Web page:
Yes, I stole something in order to pay for my rent. So I went ahead and did a crime that I should never have, but I did it for my family.


    Rivera ended up getting into an alternative work program. He has a job and a wife and daughter, and he's on probation.


    Right now, the jails are so packed, you know, so packed, that they're letting people that don't have a lot of time getting released on this program.


    So did you spend any time in jail?


    Yes, I actually did a day in jail.


    Just one day?


    One day.


    But some felons, Powers argues, aren't suited for probation. He and half-a-dozen of his probation officers go on daily operations to find felony probation violators, people who may be in possession of weapons or hanging out with gangs or using or selling drugs.

  • MAN:

    See, these are used baggies, empty baggies of meth.


    Such operations are expensive, but, according to Chief Probation Officer Powers, necessary. Additional demands on the department under realignment could put such programs in jeopardy.


    We think we're going to have probably somewhere in the neighborhood of about 500 additional individuals that will be responsible to the probation officer. We're going to need more treatment programs. Those are going to be essential in preventing that recidivist behavior that has just plagued the system for decades.


    The governor is hopeful that local communities can pick up the slack. He fought successfully for money in the state budget to go to counties to pay for jails and probation.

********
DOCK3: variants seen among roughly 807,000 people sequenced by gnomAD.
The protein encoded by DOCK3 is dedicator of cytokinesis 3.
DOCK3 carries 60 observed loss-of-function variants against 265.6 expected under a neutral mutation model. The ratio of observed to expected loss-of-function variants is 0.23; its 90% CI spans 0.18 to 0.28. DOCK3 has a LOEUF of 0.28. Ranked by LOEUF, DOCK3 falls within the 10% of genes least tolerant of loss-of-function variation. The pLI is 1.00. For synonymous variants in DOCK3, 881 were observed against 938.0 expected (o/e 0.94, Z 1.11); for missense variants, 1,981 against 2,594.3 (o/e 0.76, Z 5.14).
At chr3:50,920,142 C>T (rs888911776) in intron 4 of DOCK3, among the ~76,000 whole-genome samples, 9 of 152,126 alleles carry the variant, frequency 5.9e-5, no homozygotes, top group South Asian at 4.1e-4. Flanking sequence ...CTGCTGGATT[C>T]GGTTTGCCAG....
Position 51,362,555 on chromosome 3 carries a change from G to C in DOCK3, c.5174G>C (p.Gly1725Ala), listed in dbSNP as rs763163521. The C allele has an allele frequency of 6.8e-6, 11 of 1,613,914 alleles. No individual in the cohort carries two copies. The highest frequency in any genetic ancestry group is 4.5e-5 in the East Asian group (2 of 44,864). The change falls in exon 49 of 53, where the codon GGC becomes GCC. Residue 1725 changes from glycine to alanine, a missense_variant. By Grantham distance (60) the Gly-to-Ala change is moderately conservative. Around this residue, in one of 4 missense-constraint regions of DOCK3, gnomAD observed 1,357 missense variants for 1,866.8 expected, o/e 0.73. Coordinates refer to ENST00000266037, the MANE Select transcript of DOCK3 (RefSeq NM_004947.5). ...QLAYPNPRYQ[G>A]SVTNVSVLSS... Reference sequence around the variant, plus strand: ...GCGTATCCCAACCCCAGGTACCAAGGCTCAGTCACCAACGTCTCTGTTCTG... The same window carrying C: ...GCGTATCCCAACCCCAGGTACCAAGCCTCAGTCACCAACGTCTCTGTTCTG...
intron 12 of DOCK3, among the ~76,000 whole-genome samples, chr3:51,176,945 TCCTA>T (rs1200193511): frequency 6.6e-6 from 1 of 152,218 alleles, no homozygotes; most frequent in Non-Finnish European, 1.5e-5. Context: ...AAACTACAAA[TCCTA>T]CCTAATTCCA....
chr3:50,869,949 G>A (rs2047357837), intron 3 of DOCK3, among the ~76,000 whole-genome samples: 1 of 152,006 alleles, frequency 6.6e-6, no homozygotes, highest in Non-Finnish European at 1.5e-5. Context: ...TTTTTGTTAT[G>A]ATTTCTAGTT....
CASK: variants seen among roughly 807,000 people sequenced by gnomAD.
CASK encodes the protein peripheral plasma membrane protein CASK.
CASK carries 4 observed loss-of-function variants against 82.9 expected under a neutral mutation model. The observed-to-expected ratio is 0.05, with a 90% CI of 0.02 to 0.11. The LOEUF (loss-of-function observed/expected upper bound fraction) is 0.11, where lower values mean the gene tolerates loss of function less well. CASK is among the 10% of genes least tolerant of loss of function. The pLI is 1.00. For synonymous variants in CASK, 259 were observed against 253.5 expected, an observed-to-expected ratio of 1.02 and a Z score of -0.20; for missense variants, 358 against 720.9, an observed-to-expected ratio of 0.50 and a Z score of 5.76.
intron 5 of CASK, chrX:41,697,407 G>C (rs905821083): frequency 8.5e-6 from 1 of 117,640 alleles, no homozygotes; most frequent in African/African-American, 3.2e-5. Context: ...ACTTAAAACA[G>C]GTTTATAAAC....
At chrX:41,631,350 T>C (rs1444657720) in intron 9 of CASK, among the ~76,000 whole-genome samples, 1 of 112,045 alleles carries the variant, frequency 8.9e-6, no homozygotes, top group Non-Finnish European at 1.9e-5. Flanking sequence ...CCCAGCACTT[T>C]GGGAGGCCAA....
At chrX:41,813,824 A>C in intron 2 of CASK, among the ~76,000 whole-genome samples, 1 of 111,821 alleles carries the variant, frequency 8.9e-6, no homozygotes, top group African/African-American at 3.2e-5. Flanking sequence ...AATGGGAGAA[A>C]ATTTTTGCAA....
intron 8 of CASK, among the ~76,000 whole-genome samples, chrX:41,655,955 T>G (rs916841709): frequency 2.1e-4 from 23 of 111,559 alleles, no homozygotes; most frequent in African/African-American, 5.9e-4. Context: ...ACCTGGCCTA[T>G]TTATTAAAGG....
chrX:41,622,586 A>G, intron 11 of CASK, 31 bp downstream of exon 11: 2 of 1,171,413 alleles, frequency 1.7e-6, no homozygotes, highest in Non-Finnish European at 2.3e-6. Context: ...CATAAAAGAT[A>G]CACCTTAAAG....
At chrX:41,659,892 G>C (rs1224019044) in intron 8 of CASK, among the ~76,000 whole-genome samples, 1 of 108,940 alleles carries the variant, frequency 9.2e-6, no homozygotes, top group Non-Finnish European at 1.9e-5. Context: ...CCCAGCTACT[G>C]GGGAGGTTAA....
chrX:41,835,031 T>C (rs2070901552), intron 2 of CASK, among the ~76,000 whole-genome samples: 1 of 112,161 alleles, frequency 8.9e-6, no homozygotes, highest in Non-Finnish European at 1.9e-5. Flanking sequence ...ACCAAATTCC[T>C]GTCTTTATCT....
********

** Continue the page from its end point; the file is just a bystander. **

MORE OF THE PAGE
Still, many on the local level are skeptical they will get it, given California's continuing budget crisis.


    There's never any funding. It's just unfunded mandates. So, I have got to see the money first.


    While Powers is unsure if the state will completely fund the additional load, he thinks the Supreme Court decision might just force reforms on a broken criminal justice system.


    I'm unhappy that it came down the way it did, although I think that it may ultimately result in a better system from front to back for California. We send these people into the back end of the system, the state prison system, and they come out worse than when we sent them in.


    Sheriff Munks also sees an upside to moving inmates from prisons to local jails.


    I think we can do a better job at the county level than what's been occurring at the state, keeping these individuals closer to the community, keeping them closer to their families, keeping them and connecting them with community-based resources that they're going to need to be successful when they get out, because they are going to get out.


    All the players agree that politics, right vs. left, harsh sentences vs. sentence reform, have created logjams that worsened overcrowding and prevented major changes.

    Prison chief Cate says time has run out.


    Ultimately, if the state doesn't act in some way, then the U.S. Supreme Court has said that we may see an inmate release, and I think that's something to be avoided. And so we're trying to take steps proactively to avoid just that.


    Long term, Cate says, the state will have to build a few more prisons. Short term, local communities will absorb more offenders and hope for funding from the hard-pressed state.